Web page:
1973:  Three Dog Night, Paul Revere & the Raiders from Boise, Idaho, Little Richard and Cheech and Chong appeared during a television special to celebrate the 20th anniversary of American Bandstand.
1973:  Bruce Tate, singer of the Penguins ("Earth Angel" from 1954) died at the age of 36 in Los Angeles.
1974:  Bob Dylan and the Band released the live album Before the Flood on Asylum Records.
1975:  A&M Records co-founder and superstar Herb Alpert hosted The Midnight Special with A&M recording artists Supertramp, the Captain & Tennille and Billy Preston.
1977:  Steve Winwood released his first solo album, a self-titled LP, in the United States.

1978:  Foreigner released the album Double Vision.
1980:  Bob Dylan released the album Saved, his second Christian album, on Columbia Records.
1980:  The Rolling Stones released the album Emotional Rescue.
1980:  Fleetwood Mac played the first of six sold-out concerts at Wembley Arena in London.

                                         Neil Diamond with his 48th career hit...

1981:  Stars on 45 climbed the final rung to #1 with "Medley", as Kim Carnes finally dropped with "Bette Davis Eyes".  A Taste of Honey sat third with their remake of "Sukiyaki".  Ray Parker Jr. & Raydio edged up with "A Woman Needs Love (Just Like You Do)" and George Harrison sang about "All Those Years Ago".  The rest of the Top 10:  Smokey Robinson's "Being With You", Air Supply jumped from 14-7 with "The One That You Love", Neil Diamond held steady with "America", Hall & Oates bounced up with "You Make My Dreams" and Rick Springfield moved from 20 to 10 with "Jessie's Girl".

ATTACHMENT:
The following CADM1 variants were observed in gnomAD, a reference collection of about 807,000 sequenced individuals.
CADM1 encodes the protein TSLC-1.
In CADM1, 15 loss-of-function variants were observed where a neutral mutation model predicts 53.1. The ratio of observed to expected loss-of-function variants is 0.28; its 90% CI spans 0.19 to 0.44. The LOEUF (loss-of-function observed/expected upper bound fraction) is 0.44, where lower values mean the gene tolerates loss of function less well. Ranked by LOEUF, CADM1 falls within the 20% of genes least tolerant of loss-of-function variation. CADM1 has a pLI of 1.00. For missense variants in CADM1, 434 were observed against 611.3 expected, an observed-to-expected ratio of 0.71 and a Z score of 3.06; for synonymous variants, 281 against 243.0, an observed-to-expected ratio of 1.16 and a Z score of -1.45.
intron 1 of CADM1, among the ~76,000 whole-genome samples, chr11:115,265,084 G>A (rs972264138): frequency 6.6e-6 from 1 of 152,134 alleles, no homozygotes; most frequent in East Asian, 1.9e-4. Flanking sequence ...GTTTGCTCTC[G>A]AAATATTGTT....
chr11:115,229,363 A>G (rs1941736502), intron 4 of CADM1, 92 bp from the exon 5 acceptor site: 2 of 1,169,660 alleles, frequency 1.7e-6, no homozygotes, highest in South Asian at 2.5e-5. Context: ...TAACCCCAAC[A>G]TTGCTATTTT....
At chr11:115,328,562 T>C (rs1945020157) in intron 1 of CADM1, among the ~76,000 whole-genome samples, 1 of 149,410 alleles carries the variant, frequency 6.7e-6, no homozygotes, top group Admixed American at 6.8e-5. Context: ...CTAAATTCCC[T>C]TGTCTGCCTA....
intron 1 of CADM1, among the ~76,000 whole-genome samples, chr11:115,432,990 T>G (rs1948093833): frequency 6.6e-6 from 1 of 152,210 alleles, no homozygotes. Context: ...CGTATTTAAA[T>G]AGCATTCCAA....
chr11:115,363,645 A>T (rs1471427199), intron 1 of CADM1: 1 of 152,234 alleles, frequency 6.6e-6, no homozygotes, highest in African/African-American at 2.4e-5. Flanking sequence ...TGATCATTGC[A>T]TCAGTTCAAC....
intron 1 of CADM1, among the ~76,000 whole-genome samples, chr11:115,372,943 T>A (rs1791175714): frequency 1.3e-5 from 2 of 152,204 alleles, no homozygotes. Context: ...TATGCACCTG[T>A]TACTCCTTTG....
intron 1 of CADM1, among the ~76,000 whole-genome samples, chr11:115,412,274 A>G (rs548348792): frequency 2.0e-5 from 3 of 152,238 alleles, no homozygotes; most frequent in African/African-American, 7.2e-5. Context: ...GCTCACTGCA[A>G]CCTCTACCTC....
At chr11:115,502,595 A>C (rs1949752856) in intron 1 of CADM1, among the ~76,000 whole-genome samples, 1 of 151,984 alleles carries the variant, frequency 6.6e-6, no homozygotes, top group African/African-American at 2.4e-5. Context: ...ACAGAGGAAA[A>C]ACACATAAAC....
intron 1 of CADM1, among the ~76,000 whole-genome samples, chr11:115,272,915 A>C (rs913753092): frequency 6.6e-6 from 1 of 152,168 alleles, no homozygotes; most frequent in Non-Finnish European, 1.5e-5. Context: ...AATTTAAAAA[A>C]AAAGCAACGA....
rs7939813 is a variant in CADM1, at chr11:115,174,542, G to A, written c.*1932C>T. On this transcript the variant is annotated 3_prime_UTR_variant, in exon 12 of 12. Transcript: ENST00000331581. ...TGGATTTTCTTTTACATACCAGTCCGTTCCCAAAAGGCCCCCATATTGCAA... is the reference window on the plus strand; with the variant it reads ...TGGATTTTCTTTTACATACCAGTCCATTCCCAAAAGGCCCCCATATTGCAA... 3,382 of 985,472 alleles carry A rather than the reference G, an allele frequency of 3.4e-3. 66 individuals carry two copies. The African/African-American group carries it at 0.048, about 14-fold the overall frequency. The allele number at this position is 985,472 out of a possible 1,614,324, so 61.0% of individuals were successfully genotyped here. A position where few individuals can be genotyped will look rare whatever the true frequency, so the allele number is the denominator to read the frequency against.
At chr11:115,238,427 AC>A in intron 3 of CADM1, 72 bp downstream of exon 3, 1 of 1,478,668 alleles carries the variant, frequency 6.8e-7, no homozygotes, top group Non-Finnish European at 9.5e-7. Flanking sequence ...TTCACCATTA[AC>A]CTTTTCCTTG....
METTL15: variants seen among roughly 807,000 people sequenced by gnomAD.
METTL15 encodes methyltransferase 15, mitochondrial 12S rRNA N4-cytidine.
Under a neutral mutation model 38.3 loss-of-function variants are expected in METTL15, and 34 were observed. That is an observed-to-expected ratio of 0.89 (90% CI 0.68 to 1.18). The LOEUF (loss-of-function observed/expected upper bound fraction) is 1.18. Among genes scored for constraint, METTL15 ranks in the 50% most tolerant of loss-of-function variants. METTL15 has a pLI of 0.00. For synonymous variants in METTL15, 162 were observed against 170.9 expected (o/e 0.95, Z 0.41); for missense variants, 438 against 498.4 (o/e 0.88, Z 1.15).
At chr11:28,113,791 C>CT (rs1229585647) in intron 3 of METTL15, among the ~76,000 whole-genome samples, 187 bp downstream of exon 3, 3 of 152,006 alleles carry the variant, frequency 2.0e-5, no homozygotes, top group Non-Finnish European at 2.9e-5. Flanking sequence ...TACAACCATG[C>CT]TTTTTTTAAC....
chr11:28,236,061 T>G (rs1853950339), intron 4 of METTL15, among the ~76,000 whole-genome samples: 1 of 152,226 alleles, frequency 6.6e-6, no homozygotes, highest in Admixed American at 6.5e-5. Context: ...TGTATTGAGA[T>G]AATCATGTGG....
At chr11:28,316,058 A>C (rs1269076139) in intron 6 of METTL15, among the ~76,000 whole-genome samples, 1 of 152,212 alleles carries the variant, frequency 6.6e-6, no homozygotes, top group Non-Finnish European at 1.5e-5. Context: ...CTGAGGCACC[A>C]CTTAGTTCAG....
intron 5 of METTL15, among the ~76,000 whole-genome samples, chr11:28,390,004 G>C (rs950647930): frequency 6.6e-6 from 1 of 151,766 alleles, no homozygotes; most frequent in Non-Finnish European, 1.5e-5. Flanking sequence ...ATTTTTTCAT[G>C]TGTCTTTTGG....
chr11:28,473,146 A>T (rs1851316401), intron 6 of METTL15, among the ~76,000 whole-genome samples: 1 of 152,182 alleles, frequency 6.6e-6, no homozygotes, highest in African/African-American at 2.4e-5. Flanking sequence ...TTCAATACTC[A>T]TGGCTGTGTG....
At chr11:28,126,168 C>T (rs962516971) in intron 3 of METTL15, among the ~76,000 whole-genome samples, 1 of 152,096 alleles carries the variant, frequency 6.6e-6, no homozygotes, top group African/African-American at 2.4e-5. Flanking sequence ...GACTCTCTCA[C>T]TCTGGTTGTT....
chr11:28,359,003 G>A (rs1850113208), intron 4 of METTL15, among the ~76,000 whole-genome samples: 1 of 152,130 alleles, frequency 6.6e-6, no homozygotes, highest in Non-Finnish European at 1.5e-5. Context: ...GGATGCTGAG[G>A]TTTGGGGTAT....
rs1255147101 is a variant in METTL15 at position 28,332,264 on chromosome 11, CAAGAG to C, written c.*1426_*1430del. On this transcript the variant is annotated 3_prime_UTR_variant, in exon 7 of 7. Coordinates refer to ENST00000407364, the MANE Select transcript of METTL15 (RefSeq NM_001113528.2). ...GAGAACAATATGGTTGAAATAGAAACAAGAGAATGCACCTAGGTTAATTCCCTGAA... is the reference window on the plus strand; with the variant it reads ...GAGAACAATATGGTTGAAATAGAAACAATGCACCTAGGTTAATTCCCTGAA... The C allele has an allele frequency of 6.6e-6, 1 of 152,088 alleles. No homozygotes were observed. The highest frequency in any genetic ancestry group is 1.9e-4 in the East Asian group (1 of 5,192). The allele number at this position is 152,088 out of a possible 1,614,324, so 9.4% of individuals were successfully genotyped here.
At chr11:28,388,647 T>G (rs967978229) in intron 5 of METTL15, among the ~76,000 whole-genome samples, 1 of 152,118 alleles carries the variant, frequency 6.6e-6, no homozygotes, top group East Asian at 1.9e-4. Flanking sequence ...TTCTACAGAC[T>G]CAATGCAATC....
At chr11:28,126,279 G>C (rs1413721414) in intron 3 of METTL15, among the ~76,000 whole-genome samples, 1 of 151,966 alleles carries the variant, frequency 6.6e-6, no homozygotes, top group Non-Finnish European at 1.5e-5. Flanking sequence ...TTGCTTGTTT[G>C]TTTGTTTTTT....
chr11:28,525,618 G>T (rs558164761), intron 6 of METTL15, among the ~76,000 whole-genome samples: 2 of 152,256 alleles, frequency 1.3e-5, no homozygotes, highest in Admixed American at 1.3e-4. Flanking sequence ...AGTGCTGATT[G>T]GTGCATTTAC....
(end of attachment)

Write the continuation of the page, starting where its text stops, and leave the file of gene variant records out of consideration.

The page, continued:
1981:  REO Speedwagon's breakthrough album Hi Infidelity was #1 for a 15th week.  

1983:  Guitar whiz Duane Eddy set out on his first concert tour in 15 years, opening in San Francisco, California.
1986:  Elton John, Phil Collins, Rod Stewart, Tina Turner, George Michael and Dire Straits appeared at the Prince's Trust Rock Gala in London.
1987:  Boston performed at the Texxas Jam (correct spelling), their first live performance in eight years.
1987:  Teddy Pendergrass married Karen Still.

                                                 Heart was back with another smash hit...